It was a beautiful fall day and I had the shop opened up with a fan running behind me and after putting a new belt on the sander I just had to give it a test run. I picked up a 2×4 out of the scrap bin about 16 inch’s long, fired up the sander and laid the board carefully in place. Well the first thing I noticed was a cloud of dust coming off the end of that new belt, being new it was really cutting off some wood! As I leaned over a bit to have a better look I noticed a pile of...
I went into the Potter’s House in Fayetteville just to kill some time while the wife was at her Doctor appointment. The Potter House is a resale store who’s proceeds go to charity. I’m not even sure who gets the benefit from the sales. But, anyway they had a old table top that was a restaurant booth at some time. It was glued up oak about 4’ long x 3’ wide and 1 1/2” thick. They had it marked for $5.75 and why I didn’t buy it right then is beyond...
Spent most of this Saturday tearing down everything that I could. Started off removing the top that had NO shims at all. Found white power everywhere from the cultured marble cutting that was done on this machine. Took time to air blast and brush out all that I could. ————————— Took a picture of the electrical switch for future hook ups since I have to remove the cord & motor. —————R...
and attached to the base. Needed an old drill to make some slots in the brackets.. I’d drill straight through, about in the middle of a bracket, then rock the bit back and forth to make a slot. Need the slot at 90 degrees to the length of the top. Just loose enough the screw can slide as the top moves. Now, once the four slots were drilled, I checked on the underside of the top…...no crayola stuff, still nasty. Time for one of these things, again.. A Stanley #4, this ...
Well, I think the top is as cleaned up as I can get it, now Forgotten how many knots that old Walnut had…Ok, put the top aside for a while, need to fix the other part of the table… The old ones were too thick, and didn’t hold screws very well These will get tossed. laid out some lines on a 1×6. Bandsaw to cut a pair of 2” wide strips, and a thinner middle one. Decided to joint the wider boards, made it easier to miter them Went upstairs to grab a...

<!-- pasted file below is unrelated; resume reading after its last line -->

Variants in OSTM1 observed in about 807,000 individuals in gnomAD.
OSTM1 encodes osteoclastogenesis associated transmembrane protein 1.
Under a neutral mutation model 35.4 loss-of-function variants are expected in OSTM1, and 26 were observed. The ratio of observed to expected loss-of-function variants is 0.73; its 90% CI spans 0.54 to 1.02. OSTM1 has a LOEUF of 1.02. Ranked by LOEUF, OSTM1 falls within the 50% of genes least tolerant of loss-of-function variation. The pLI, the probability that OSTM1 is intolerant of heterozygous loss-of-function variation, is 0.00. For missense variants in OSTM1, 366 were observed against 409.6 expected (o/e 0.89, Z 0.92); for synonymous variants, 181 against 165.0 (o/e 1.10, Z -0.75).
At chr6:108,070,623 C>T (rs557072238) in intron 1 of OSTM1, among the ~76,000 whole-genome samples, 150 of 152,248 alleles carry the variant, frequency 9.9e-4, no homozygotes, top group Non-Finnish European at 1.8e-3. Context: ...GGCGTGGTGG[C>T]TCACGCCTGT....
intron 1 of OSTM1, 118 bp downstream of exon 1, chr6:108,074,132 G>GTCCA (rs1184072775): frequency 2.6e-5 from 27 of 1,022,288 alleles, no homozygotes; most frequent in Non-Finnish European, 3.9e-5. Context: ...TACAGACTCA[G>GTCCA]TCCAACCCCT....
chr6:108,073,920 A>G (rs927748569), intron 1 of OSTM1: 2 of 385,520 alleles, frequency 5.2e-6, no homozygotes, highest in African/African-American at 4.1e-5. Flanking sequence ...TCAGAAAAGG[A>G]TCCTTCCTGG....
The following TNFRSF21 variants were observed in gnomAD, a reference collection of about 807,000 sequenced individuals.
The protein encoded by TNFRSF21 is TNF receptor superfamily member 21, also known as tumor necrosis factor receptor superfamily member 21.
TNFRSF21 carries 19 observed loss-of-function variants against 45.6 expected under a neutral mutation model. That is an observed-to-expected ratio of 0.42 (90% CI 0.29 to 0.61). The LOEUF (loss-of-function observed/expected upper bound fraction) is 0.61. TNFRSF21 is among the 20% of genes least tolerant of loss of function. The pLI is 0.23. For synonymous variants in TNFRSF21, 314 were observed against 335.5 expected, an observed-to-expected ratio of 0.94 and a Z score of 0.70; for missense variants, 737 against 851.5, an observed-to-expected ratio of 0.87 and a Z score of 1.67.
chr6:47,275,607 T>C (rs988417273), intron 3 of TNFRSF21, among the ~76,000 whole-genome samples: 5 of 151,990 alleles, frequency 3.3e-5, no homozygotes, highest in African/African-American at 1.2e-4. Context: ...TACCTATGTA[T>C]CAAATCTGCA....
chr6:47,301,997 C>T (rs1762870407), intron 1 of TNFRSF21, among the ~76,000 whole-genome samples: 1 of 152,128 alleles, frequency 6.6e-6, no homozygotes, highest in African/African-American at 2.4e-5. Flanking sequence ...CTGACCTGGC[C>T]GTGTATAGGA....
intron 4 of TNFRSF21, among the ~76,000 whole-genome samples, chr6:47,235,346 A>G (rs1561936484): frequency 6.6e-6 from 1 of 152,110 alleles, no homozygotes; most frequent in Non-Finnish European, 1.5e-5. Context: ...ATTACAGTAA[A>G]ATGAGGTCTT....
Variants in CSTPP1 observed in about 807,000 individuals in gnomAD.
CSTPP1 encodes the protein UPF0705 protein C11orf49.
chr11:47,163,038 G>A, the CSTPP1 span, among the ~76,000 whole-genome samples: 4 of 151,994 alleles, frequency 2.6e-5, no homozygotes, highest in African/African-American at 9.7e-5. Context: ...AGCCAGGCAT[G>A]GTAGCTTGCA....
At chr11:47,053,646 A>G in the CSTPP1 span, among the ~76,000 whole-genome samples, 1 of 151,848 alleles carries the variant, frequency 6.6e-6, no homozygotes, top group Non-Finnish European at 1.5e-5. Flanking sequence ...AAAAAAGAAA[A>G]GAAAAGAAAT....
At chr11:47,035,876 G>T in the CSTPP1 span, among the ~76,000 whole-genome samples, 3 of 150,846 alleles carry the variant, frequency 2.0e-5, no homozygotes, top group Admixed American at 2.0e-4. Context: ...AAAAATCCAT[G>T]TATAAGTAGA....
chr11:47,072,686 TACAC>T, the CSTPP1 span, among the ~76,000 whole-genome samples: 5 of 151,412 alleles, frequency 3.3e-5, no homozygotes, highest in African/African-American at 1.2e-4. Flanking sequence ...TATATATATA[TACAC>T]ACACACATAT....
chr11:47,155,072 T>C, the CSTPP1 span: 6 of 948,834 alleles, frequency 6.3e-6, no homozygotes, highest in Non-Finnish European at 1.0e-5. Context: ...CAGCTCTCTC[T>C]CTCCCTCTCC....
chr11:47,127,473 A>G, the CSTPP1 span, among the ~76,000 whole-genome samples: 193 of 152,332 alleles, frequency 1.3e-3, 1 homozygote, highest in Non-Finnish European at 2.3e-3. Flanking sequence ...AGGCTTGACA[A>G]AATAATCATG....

Few years back, salvaged parts from an old Meersman Coffee Table I found on a trash pile. had some black Walnut, and basically rebuilt it. Aprons were saved to be patterns, Legs cleaned up and reused. Let the GrandBRATS us it up in their room…....finally got the table back to my house… Yeah….Base was loose, missing a few screws. Will fix that after a bit. Markings in my finish!!! Crayola finish?? Well, decided that that mess just had to leave….Coarse ...
I decided I had to edit something else besides project video for a change. So I put together a short one of repairing the Bosch Glide Mitre saw that was damaged by UPS in shipping. Jim at Bosch shipped me the part directly instead of having to deal with UPS claim service. I did call UPS and the customer service rep told me he would forward it to the “investigation” department, all the while making it feel like I was the one being under investigation. View on YouTube
Bit by bit and either with a palm sander or by hand, the table has been sanded to a nice smooth finish. 180 grit was the last grit I used and I felt that is sufficient for this project. I am quite happy with the progress and the way it looks. Now for the next step and looking for a bit of advice. I have researched as much as I can about applying a epoxy bar finish. I think it was on a youtube post that someone prefinished their table with tung oil. I am thinking of doing the same thing ...
I was in need of a little shelf to hold an alarm clock in my guest room. I decided to make one out of an old book. The difference between this and other floating books that are out there is that this one has a hidden compartment built inside! I’ve included the build video if you’re interested in making one yourself. View on YouTube
The curled bits of inlay were carefully removed from the table and put aside. Then I used some water and a steam iron to heat the vacant areas and remove the old glue from the plywood base. I also used the same technique to remove the old glue from the removed inlay pieces. Then I used the steam iron again to steam the individual pieces of inlay an pressed them between two pieces of plywood to get them flat again. This worked quite well. Some of the inlay was so bad I had to replace it s...
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